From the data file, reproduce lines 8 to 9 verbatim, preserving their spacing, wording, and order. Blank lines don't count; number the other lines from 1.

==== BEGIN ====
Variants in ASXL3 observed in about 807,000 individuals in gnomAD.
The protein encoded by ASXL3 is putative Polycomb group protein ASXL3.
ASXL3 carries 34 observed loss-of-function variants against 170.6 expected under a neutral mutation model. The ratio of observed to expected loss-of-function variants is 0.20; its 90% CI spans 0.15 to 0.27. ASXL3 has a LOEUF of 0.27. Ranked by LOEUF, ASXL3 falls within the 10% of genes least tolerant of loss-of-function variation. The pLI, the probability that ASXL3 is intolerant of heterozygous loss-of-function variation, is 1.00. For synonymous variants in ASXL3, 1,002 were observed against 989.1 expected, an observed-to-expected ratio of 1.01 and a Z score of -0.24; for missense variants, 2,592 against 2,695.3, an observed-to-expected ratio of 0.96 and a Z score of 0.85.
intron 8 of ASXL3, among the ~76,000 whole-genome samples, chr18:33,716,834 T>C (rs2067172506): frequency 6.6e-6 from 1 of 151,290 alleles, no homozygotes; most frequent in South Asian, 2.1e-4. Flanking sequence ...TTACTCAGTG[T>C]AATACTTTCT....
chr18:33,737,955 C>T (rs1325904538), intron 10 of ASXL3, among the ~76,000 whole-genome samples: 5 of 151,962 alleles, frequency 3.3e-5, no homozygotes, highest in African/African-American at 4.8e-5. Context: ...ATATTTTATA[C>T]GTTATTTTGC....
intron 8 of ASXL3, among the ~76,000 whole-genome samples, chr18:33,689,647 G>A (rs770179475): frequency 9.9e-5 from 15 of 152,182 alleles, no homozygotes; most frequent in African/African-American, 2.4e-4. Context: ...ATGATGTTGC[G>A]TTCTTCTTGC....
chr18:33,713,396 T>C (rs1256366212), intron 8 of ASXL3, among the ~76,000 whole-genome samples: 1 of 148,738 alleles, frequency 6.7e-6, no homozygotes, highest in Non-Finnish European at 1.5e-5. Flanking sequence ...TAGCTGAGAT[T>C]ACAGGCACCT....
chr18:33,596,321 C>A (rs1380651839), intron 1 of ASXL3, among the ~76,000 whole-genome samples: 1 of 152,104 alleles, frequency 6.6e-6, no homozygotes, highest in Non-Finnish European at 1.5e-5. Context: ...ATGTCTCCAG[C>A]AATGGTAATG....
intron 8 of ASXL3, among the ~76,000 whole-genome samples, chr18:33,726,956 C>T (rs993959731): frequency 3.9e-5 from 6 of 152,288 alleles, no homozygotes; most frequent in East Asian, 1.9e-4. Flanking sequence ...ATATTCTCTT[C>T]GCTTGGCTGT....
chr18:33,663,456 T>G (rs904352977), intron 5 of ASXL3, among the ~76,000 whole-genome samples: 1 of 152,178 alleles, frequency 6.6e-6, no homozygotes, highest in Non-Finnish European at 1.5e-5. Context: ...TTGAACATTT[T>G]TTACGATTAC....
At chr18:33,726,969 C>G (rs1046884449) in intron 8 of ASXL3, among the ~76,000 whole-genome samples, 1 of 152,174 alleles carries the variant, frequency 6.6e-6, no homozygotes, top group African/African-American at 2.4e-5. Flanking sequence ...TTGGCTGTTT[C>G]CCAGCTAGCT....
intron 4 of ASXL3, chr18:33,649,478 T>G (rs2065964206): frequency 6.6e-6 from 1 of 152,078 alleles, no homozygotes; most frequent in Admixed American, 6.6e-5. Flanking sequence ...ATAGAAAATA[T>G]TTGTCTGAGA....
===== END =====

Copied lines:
chr18:33,596,321 C>A (rs1380651839), intron 1 of ASXL3, among the ~76,000 whole-genome samples: 1 of 152,104 alleles, frequency 6.6e-6, no homozygotes, highest in Non-Finnish European at 1.5e-5. Context: ...ATGTCTCCAG[C>A]AATGGTAATG....
intron 8 of ASXL3, among the ~76,000 whole-genome samples, chr18:33,726,956 C>T (rs993959731): frequency 3.9e-5 from 6 of 152,288 alleles, no homozygotes; most frequent in East Asian, 1.9e-4. Flanking sequence ...ATATTCTCTT[C>T]GCTTGGCTGT....